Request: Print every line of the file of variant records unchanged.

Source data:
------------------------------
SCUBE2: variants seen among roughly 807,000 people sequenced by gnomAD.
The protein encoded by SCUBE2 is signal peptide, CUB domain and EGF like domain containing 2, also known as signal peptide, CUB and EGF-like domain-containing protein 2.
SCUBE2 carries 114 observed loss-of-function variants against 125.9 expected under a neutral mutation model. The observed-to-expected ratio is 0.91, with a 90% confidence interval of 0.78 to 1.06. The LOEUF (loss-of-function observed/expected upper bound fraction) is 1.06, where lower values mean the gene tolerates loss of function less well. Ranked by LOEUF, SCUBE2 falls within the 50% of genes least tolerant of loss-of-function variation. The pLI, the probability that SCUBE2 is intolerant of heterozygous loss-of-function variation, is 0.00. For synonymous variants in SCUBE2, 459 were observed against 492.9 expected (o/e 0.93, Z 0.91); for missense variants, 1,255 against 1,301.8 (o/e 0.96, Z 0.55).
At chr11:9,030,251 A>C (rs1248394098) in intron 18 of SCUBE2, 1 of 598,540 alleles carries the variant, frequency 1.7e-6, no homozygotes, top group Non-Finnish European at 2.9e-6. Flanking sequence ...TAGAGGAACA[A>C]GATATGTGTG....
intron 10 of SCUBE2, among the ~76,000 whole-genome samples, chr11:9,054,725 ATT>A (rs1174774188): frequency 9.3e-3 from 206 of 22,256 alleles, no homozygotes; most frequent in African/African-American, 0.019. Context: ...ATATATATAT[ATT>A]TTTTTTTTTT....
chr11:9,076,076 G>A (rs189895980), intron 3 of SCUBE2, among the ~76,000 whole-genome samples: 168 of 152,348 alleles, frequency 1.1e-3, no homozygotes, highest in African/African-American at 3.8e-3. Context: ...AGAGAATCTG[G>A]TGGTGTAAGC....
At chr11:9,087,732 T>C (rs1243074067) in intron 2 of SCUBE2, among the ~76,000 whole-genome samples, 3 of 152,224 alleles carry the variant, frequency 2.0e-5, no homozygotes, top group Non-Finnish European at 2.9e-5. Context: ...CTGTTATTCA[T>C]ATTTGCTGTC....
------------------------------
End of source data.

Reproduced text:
SCUBE2: variants seen among roughly 807,000 people sequenced by gnomAD.
The protein encoded by SCUBE2 is signal peptide, CUB domain and EGF like domain containing 2, also known as signal peptide, CUB and EGF-like domain-containing protein 2.
SCUBE2 carries 114 observed loss-of-function variants against 125.9 expected under a neutral mutation model. The observed-to-expected ratio is 0.91, with a 90% confidence interval of 0.78 to 1.06. The LOEUF (loss-of-function observed/expected upper bound fraction) is 1.06, where lower values mean the gene tolerates loss of function less well. Ranked by LOEUF, SCUBE2 falls within the 50% of genes least tolerant of loss-of-function variation. The pLI, the probability that SCUBE2 is intolerant of heterozygous loss-of-function variation, is 0.00. For synonymous variants in SCUBE2, 459 were observed against 492.9 expected (o/e 0.93, Z 0.91); for missense variants, 1,255 against 1,301.8 (o/e 0.96, Z 0.55).
At chr11:9,030,251 A>C (rs1248394098) in intron 18 of SCUBE2, 1 of 598,540 alleles carries the variant, frequency 1.7e-6, no homozygotes, top group Non-Finnish European at 2.9e-6. Flanking sequence ...TAGAGGAACA[A>C]GATATGTGTG....
intron 10 of SCUBE2, among the ~76,000 whole-genome samples, chr11:9,054,725 ATT>A (rs1174774188): frequency 9.3e-3 from 206 of 22,256 alleles, no homozygotes; most frequent in African/African-American, 0.019. Context: ...ATATATATAT[ATT>A]TTTTTTTTTT....
chr11:9,076,076 G>A (rs189895980), intron 3 of SCUBE2, among the ~76,000 whole-genome samples: 168 of 152,348 alleles, frequency 1.1e-3, no homozygotes, highest in African/African-American at 3.8e-3. Context: ...AGAGAATCTG[G>A]TGGTGTAAGC....
At chr11:9,087,732 T>C (rs1243074067) in intron 2 of SCUBE2, among the ~76,000 whole-genome samples, 3 of 152,224 alleles carry the variant, frequency 2.0e-5, no homozygotes, top group Non-Finnish European at 2.9e-5. Context: ...CTGTTATTCA[T>C]ATTTGCTGTC....